With the end of the quarter coming, analysts covering Tesla are coming out with notes about their expectations and some of them got to meet with Tesla’s Vice-President of Investor Relations, Jeff Evanson, to help them better understand the company’s performance in the fourth quarter.
Pacific Crest’s Brad Erickson and Elliot Arnson came out of the meeting with the impression that the Tesla Model 3 is “on track” to launch in the second half of 2017, but they are more cautious about Tesla’s short-term performance.
The analysts are giving an ‘equal weight’ rating to Tesla’s stock and highlight that it is difficult to attach value to the long-term bull case.
“Longer-term bulls still believe that electrification of the world’s cars will benefit Tesla’s vertical approach to delivering energy and mobility, which is certainly plausible, in our view, but it is very difficult to ascribe value to such a nascent market at this point.”
They list upcoming potentially positive catalysts, like the Tesla Gigafactory event on January 4 and the potential launch of the Model 3 next summer.
But they also warn of what they see as upcoming difficulties in the short-term:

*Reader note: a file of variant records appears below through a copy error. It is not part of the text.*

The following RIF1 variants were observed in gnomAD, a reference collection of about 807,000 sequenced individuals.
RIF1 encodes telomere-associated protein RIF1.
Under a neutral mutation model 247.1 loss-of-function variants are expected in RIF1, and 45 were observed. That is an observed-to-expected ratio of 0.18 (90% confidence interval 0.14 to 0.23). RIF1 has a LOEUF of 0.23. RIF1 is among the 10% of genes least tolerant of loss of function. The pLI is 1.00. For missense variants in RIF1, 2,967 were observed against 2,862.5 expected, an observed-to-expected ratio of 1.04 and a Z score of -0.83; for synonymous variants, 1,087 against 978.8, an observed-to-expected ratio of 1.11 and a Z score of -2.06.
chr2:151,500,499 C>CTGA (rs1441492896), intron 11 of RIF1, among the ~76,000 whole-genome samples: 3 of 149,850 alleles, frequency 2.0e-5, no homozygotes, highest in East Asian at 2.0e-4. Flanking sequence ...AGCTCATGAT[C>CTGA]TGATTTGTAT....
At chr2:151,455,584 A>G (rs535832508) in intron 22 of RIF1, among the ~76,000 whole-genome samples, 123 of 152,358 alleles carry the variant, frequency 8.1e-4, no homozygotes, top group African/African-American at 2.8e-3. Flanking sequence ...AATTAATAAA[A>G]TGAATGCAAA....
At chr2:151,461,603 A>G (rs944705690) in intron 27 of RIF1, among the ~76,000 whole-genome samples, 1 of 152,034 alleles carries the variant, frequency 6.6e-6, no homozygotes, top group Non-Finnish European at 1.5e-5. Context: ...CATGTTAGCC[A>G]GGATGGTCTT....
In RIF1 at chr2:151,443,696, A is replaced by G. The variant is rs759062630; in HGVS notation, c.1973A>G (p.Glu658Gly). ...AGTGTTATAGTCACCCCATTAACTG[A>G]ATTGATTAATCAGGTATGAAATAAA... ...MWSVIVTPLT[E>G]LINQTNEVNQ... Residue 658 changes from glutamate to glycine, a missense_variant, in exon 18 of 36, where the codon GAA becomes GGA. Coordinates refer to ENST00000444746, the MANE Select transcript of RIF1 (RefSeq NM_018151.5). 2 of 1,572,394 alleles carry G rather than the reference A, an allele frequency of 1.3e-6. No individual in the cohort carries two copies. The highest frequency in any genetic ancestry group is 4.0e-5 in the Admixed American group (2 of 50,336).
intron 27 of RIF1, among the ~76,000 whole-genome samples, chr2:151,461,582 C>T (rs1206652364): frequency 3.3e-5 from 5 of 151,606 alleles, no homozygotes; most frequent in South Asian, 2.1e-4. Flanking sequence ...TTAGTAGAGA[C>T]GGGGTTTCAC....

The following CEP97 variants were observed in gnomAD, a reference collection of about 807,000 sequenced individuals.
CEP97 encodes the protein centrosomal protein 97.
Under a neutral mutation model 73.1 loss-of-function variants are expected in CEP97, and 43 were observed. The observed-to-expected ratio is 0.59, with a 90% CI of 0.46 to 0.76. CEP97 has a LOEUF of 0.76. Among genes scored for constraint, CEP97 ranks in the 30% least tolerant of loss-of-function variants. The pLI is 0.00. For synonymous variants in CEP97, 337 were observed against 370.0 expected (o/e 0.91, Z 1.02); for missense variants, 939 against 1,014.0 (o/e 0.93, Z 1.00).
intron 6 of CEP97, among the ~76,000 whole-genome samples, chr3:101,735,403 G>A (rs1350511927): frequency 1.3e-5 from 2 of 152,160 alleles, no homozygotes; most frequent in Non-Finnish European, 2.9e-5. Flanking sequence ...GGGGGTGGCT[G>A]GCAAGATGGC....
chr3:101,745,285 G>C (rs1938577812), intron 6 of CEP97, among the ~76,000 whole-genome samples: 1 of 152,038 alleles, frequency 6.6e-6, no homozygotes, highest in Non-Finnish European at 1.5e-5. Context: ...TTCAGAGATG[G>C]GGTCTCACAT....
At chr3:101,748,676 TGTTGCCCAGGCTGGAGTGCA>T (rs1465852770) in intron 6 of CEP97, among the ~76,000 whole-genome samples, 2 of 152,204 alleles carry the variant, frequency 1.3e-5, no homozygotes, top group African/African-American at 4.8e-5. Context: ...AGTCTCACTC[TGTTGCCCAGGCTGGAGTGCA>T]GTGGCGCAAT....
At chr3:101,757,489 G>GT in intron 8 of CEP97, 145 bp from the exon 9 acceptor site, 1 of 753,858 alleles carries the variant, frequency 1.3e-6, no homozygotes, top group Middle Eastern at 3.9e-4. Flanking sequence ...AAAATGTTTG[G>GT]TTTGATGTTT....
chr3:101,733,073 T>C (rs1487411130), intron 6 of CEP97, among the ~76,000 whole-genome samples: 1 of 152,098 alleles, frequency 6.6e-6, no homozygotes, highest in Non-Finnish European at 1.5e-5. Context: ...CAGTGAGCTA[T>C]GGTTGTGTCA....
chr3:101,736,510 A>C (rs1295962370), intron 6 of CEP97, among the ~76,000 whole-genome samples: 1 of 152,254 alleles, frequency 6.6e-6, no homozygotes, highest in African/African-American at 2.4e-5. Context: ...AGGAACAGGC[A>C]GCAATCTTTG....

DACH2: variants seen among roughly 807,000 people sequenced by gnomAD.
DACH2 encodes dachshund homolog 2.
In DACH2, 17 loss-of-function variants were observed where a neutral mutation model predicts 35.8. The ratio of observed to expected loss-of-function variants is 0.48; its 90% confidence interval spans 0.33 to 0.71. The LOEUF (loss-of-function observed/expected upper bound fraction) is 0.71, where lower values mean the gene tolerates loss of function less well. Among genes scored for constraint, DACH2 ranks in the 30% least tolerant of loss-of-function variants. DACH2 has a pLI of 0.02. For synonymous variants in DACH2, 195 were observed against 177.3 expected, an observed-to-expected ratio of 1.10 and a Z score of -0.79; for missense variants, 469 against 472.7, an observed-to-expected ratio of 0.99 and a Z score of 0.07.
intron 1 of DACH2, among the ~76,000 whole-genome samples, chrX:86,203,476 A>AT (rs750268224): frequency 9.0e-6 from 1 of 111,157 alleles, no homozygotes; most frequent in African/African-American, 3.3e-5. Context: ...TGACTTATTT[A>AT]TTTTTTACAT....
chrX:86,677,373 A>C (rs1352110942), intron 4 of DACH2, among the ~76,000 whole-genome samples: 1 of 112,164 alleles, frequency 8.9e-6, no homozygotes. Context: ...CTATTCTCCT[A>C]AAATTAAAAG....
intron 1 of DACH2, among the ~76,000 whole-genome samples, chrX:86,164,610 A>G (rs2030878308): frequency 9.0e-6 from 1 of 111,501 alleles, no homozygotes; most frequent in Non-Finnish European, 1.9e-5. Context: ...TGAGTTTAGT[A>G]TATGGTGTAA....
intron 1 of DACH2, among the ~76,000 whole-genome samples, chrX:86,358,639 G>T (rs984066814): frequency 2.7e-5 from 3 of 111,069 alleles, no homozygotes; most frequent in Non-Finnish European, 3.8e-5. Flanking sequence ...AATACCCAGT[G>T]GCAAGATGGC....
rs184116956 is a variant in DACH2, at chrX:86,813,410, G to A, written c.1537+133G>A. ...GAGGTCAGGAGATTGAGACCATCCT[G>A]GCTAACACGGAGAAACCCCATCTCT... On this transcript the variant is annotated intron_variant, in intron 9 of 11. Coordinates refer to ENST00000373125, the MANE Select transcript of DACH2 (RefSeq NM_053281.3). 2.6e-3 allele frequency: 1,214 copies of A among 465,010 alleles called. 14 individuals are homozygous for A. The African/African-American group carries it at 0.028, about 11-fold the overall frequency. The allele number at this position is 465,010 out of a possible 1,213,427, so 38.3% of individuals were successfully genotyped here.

“Tesla still faces two likely upcoming quarters of sequential declines in Model S deliveries, which bears will likely latch onto, and we think Model X demand is still lagging expectations. As a result, we need more confidence that these two factors are not indicating weaker underlying demand before getting more constructive with our rating.”
Over the last 3 years, Tesla’s deliveries have declined on a quarter-to-quarter basis from Q4 to Q1, but that was when Tesla was only selling the Model S.
Erickson noted that Model X production is still “somewhat inconsistent.” Tesla was in what CEO Elon Musk described as “production hell” with the Model X during the first half of the year, but it seems to have been fixed during the last quarter.
Tesla went from producing 2,400 Model X units in Q1 to 4,465 in Q2 to 8,821 in Q3.
After the meeting, the analyst noted that while Tesla introduced less expensive versions of the Model S during the year, the software-limited Model S 60, “low-end Model S buyers keep springing for high-margin options.”
Tesla aims to deliver about 25,000 vehicles during the fourth quarter in order to achieve its goal of 80,000 deliveries in 2016. Earlier this month, we reported that the company is on a full end-of-the-year delivery push to meet the goal. Inventory cars started showing up in volume at Tesla’s stores.
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